Submission from Stephen Spillane,
University College Cork, Lesbian, Gay, Bisexual and Transgendered Society
Working Group Member,
Union of Students of Ireland, Lesbian, Gay, Bisexual and Transgendered Campaign
In today’s society nothing is or should be taking for granted. People have to look for security in their lives at all times.
When it comes to domestic partnerships, security is lacking, if something happens to one of the partners, they have no rights to each others property even if it is held jointly, for a example joint ownership of a house, unless it is specified in the will. They also have no legal rights allowing to them access to pension funds or welfare benefits.
I believe that the domestic partnership working group should consider adopting a similar line to that adopted in the UK along the lines of a civil union which will guarantee security for both partners no matter what sex or orientation they may be.
I realise that marriage is protected by the constitution and that nothing that this proposed legislation creates cannot mirror or challenge the institution of marriage in any way. This is why the civil unions, or domestic partnerships, should only cover legal rights, access to welfare benefits, pensions, inheritance rights and taxation issues.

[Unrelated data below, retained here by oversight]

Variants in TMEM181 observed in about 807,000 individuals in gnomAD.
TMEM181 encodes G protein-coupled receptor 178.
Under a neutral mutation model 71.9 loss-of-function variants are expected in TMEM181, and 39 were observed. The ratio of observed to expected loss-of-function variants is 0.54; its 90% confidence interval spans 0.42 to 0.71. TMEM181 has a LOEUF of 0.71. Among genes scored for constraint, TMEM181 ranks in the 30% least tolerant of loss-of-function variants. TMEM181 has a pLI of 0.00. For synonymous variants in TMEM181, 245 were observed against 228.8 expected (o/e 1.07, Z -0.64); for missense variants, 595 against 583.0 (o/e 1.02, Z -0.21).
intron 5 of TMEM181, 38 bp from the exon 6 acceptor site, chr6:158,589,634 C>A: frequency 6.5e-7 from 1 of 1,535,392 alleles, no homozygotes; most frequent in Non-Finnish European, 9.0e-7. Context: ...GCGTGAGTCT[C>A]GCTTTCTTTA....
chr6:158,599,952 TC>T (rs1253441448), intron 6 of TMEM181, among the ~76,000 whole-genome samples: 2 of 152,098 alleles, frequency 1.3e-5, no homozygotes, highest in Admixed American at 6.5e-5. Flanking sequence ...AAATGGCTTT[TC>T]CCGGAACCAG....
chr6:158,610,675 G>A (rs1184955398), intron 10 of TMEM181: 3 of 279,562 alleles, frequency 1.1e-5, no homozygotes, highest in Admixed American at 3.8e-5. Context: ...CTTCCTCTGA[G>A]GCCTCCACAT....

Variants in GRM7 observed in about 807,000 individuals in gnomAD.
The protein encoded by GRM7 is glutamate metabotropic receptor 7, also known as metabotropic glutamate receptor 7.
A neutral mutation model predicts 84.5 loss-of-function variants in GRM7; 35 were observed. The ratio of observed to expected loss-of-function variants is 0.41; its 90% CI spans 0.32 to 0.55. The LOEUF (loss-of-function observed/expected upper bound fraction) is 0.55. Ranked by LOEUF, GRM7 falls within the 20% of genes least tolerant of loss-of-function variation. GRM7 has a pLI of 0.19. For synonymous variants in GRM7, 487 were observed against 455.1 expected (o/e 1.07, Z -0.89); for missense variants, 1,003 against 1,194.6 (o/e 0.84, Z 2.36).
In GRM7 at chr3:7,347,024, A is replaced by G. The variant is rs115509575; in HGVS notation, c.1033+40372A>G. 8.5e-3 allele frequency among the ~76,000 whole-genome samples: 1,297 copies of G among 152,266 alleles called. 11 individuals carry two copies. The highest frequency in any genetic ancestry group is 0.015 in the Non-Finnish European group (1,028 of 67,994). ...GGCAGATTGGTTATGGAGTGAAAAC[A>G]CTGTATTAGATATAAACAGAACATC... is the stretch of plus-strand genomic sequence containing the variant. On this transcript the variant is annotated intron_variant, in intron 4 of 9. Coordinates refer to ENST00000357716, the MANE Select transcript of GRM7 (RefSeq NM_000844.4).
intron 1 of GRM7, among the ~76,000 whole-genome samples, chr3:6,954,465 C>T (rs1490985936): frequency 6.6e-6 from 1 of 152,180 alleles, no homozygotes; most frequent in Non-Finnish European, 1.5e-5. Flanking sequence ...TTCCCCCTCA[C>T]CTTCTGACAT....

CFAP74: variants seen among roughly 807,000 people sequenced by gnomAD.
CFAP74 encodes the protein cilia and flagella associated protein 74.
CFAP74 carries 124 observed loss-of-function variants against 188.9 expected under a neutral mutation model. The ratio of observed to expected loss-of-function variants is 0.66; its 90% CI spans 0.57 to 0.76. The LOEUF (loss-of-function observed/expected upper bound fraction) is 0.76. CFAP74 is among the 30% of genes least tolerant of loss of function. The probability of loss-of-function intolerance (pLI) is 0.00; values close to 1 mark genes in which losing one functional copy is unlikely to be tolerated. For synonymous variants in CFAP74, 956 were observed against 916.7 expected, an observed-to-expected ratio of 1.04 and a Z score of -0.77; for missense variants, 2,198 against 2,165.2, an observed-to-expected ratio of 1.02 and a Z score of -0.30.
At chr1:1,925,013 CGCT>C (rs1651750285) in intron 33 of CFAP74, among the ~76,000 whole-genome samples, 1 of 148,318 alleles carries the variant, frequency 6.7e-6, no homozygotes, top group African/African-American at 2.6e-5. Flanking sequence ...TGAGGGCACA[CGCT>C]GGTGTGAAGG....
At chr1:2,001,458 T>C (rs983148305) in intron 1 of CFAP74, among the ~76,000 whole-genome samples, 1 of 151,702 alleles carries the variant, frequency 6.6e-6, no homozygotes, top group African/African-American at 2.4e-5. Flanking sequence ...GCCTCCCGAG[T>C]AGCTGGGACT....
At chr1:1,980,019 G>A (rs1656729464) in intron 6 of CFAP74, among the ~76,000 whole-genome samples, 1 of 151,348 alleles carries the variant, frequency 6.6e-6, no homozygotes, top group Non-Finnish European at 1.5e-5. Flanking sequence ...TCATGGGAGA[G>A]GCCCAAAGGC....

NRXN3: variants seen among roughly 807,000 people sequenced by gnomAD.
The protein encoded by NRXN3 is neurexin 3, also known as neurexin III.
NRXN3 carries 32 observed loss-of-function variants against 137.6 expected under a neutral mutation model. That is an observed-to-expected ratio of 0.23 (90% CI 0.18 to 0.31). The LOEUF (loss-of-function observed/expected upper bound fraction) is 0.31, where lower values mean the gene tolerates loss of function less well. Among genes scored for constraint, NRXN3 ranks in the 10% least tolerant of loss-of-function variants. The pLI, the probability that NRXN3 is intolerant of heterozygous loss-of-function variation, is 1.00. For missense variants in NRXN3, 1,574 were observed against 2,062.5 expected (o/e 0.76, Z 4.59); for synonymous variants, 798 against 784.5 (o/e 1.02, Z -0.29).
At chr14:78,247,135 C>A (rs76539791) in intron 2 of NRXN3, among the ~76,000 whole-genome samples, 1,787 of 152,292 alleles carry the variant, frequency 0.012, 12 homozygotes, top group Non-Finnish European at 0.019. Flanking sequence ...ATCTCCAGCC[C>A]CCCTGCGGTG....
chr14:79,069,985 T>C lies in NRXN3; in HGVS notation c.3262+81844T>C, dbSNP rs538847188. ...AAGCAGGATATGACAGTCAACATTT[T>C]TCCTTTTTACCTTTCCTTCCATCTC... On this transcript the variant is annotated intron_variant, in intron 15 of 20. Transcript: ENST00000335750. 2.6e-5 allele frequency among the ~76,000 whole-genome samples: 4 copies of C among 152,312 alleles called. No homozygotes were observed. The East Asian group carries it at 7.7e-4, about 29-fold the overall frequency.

In the case of marriages/civil unions in other jurisdictions, the state should recognise these unions as a domestic partnership and give them the same entitlements under the legislation as those who register their partnerships in the Republic of Ireland.
At the moment the Republic of Ireland is in breach of the equality clauses of the Good Friday Agreement, as registered same sex couples in Northern Ireland have more rights and entitlements then their counterparts here in the Republic. This is a terrible situation for a country that prides itself on its respect for Human Rights and a proponent of increasing these rights globally.
God created us all equally so let us all be treated equally by the state. This is core to what this legislation should do; giving security, rights and more importantly equality to same sex couples on legal issues which are paramount to most couples.
The core of this legislation is that it should aim to create a system where all couples should be treated equally by the law; this does not involve recognition by the Roman Catholic Church, or any other church unless they wish to. This legislation should only apply to Government Agencies, Government Bodies and the Courts recognising these partnerships within the limits imposed by the constitution with respect to the institution of Marriage.